David’s idea lit me up like photons on a solar-fuel-storage device. He taught me about photoisomers, I taught him about resource theories, and we derived his bound. Our proof relies on the “second laws of thermodynamics.” These abstract resource-theory results generalize the second law of thermodynamics, which helps us understand why time flows in only one direction. We checked our bound against numerical simulations (experts: of Lindbladian evolution). Our bound is fairly tight if the photoisomer has a low probability of absorbing a photon, as in the Harvard-MIT experiment.
Experts: We also quantified the photoisomer’s coherences relative to the energy eigenbasis. Coherences can’t boost the switching probability, we concluded. But, en route to this conclusion, we found that the molecule is a natural realization of a quantum clock. Our quantum-clock modeling extends to general dissipative Landau-Zener transitions, prevalent across condensed matter and chemistry.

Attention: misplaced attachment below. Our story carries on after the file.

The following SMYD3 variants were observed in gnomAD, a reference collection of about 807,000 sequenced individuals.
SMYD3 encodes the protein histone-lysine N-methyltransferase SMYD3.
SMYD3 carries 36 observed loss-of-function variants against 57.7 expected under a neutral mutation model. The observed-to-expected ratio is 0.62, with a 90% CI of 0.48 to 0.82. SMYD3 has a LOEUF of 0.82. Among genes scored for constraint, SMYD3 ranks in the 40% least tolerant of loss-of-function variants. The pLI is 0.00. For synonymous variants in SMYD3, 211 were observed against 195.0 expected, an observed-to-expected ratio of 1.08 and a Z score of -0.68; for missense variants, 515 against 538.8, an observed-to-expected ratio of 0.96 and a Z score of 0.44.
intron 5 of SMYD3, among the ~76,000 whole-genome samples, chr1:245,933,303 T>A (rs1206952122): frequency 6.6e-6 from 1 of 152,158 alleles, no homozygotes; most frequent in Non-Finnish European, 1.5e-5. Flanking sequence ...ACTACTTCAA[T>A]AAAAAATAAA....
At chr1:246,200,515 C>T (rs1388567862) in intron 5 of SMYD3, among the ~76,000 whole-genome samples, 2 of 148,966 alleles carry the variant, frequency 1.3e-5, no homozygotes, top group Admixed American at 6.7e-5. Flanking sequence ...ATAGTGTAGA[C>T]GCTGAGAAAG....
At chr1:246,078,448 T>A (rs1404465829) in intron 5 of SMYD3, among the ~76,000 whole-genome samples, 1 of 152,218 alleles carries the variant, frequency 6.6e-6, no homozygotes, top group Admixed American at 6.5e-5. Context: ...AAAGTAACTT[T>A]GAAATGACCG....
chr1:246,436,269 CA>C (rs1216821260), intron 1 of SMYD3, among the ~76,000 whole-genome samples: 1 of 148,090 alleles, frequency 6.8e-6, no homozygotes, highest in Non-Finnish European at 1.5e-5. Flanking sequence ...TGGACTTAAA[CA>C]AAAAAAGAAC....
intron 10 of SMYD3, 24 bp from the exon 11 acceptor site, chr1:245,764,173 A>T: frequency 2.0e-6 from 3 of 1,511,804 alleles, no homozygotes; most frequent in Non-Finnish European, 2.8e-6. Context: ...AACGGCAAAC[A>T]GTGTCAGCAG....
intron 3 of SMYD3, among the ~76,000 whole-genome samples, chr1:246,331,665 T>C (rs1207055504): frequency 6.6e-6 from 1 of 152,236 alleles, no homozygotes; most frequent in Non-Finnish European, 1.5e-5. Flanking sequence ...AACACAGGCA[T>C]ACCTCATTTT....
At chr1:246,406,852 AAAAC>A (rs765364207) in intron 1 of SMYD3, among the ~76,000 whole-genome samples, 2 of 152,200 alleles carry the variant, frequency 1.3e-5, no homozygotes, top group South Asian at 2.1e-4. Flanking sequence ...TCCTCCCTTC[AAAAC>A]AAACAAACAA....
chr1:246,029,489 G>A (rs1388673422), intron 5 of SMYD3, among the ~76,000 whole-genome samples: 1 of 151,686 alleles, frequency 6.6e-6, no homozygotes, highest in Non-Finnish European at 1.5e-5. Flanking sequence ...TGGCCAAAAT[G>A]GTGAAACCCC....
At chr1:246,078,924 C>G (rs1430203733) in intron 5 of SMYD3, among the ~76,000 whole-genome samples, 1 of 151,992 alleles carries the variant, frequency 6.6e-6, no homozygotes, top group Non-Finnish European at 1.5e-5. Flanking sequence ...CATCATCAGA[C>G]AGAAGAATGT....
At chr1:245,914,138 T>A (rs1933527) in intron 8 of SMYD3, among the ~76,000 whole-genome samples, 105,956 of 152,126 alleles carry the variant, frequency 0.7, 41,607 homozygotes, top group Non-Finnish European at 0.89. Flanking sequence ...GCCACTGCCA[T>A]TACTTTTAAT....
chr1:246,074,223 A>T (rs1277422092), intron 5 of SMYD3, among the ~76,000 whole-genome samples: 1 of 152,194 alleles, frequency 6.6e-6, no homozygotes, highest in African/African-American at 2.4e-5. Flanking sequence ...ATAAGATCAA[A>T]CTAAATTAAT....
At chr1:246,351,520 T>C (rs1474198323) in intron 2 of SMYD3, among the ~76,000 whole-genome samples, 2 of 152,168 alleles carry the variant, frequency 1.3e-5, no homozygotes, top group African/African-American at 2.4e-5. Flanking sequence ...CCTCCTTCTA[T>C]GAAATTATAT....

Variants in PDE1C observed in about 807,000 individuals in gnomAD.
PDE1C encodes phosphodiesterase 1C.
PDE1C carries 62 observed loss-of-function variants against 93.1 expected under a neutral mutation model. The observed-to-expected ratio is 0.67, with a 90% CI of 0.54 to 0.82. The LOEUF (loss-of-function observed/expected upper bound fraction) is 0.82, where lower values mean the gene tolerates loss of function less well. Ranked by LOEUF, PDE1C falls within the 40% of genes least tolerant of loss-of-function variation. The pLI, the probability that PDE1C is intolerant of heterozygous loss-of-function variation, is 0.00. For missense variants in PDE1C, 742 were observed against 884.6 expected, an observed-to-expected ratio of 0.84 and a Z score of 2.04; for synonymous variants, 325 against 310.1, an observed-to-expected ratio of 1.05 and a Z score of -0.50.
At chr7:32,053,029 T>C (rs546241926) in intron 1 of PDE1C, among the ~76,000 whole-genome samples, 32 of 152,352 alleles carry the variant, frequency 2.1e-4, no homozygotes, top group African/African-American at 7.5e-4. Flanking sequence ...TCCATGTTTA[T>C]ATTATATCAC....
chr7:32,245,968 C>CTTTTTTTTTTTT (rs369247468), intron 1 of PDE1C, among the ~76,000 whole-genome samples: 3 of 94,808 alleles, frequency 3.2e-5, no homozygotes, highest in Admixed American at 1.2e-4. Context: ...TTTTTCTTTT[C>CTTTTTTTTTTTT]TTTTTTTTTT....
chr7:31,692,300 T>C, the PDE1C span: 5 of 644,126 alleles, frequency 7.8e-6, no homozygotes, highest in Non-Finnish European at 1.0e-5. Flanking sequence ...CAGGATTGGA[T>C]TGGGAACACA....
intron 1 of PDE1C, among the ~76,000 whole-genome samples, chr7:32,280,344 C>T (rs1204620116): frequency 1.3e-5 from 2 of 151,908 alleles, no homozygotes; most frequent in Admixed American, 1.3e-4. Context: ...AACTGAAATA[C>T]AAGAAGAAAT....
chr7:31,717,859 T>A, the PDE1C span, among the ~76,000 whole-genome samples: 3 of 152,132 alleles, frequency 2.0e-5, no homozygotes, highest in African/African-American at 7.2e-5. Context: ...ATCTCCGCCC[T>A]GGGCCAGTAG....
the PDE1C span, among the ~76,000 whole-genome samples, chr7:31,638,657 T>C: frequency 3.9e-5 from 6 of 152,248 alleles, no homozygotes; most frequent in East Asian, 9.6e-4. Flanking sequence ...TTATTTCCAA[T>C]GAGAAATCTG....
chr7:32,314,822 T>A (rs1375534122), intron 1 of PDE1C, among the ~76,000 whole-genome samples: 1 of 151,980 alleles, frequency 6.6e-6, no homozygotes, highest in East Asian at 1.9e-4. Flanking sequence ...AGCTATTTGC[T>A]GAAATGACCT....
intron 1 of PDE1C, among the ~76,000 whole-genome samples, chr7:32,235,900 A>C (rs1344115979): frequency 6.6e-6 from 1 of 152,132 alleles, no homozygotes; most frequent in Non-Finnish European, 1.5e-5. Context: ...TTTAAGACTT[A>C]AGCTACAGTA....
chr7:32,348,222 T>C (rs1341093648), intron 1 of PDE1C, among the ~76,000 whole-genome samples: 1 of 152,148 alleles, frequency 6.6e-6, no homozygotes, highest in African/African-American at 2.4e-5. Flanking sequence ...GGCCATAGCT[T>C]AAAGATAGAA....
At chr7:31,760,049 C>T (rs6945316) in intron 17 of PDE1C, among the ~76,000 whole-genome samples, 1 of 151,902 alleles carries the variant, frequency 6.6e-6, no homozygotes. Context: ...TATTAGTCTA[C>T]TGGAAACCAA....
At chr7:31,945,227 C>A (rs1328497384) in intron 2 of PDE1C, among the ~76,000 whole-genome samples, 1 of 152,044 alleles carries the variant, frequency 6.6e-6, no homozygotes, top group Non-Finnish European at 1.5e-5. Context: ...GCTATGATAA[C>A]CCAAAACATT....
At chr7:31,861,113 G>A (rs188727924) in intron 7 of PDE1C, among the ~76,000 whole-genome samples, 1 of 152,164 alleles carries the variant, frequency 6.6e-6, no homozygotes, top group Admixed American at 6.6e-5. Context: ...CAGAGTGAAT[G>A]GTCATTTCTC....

As I worked on our paper one day, a jingle unfolded in my head. I recognized the tune first: “I’m a little teapot.” I hadn’t sung that much since kindergarten, I realized. Lyrics suggested themselves:
I’m a little isomer with two hands.
Here is my cis pose; here is my trans.
Stand me in the sunlight; watch me spin.
I’ll keep solar energy in!
The song lodged itself in my head for weeks. But if you have to pay an earworm to collaborate with David, do.
In the previous blog post (titled, “On the Coattails of Quantum Supremacy“) we started with Google and ended up with molecules! I also mentioned a recent paper by John Preskill, Jake Covey, and myself (see also this videoed talk) where we assume that, somewhere in the (near?) future, experimentalists will be able to construct quantum superpositions of several orientations of molecules or other rigid bodies. Next, I’d like to cover a few more details on how to construct error-correcting codes for anything from classical bits in your phone to those future quantum computers, molecular or otherwise.